Nasal spray for allergies relieves itchy eyes too

May 21, 2007

Veramyst is approved by the FDA to treat allergies

Key Points

TIPS TO REMEMBER Veramyst

Just in time for the spring allergy season comes an intranasal steroid spray, fluticasone furoate (Veramyst, GlaxoSmithKline), just approved by the Food & Drug Administration. Fluticasone furoate is a once-daily-dosed nasal spray indicated for the treatment of seasonal and year-round allergy symptoms in adults and children two years of age and older.

Clinical trials of fluticasone furoate involved separate trials for adults and pediatrics. There were six adult trials, which included 768 patients with seasonal or perennial allergic rhinitis. Three clinical pediatric trials included 795 children with seasonal or perennial rhinitis. Side effects most often reported in the trials included epistaxis (nose bleeds) and nasal ulcerations. In addition, there was a 52-week, placebo-controlled, long-term safety trial conducted. The trial population consisted of 806 adult patients with perennial allergic rhinitis. Of the 605 patients receiving fluticasone furoate, 123 patients (20%) reported epistaxis versus 17 patients (8%) in the placebo arm. No patient experienced a nasal septal perforation during this trial.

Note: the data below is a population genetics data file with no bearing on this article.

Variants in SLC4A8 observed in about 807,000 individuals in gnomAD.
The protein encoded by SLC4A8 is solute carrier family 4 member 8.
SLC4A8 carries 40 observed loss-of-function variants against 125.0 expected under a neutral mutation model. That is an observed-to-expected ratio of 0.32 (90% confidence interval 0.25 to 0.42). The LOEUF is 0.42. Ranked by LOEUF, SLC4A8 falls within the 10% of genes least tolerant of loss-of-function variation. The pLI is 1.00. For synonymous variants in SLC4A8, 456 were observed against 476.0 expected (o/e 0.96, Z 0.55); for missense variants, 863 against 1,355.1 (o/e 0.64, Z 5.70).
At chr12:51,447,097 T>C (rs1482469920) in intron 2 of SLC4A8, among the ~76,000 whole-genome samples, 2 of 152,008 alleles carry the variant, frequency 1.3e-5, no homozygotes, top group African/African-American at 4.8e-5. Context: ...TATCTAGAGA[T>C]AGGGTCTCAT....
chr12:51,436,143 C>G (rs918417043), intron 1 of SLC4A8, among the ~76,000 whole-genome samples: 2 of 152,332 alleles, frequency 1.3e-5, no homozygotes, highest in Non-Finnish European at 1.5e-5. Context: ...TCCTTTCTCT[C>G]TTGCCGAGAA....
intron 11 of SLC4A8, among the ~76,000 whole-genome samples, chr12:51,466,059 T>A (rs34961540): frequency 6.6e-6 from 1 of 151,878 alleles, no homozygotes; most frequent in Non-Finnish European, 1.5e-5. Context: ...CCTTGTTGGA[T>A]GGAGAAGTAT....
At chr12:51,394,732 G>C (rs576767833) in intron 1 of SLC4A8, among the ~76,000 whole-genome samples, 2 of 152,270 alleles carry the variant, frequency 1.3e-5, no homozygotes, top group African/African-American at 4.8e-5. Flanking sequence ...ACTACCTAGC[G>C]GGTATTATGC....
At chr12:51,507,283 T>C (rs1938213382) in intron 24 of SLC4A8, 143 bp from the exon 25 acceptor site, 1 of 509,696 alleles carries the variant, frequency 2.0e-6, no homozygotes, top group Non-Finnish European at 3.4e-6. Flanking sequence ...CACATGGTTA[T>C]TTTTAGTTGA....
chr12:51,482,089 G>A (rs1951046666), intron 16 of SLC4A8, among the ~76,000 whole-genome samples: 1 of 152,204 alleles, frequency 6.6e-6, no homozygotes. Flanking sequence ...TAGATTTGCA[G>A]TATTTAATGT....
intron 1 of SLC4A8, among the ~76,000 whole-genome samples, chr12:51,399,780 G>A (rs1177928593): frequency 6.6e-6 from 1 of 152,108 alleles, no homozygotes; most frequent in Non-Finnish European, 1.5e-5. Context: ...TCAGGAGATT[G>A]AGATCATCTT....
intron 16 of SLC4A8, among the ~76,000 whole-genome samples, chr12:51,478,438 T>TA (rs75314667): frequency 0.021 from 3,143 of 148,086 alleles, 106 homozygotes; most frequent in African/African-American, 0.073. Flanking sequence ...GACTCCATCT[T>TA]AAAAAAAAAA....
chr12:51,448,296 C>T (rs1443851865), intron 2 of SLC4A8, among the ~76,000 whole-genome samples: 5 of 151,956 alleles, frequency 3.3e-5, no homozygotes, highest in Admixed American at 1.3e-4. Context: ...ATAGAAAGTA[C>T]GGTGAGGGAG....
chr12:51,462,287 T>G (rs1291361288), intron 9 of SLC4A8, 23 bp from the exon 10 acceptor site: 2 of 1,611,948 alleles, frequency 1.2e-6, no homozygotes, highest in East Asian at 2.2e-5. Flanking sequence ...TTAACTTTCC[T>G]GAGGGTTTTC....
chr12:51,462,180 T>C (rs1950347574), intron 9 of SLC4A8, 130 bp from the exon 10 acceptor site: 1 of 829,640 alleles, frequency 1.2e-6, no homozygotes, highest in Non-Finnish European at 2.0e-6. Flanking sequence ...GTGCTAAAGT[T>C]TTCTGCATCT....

According to packaging instructions, the pump must be primed before first use, if not used for 30 days, or if the cap has been left off for more than five days. To prime, first shake the contents well and release six test sprays into the air away from the face. Each spray (50 microliters) delivers 27.5 mcg of fluticasone furoate. Adult dosing is two sprays in each nostril once daily. The dose may be titrated for individual patients; however, patients should be kept at the minimum effective dose to minimize side effects. Once symptoms are controlled, the dose should be reduced to one spray in each nostril daily.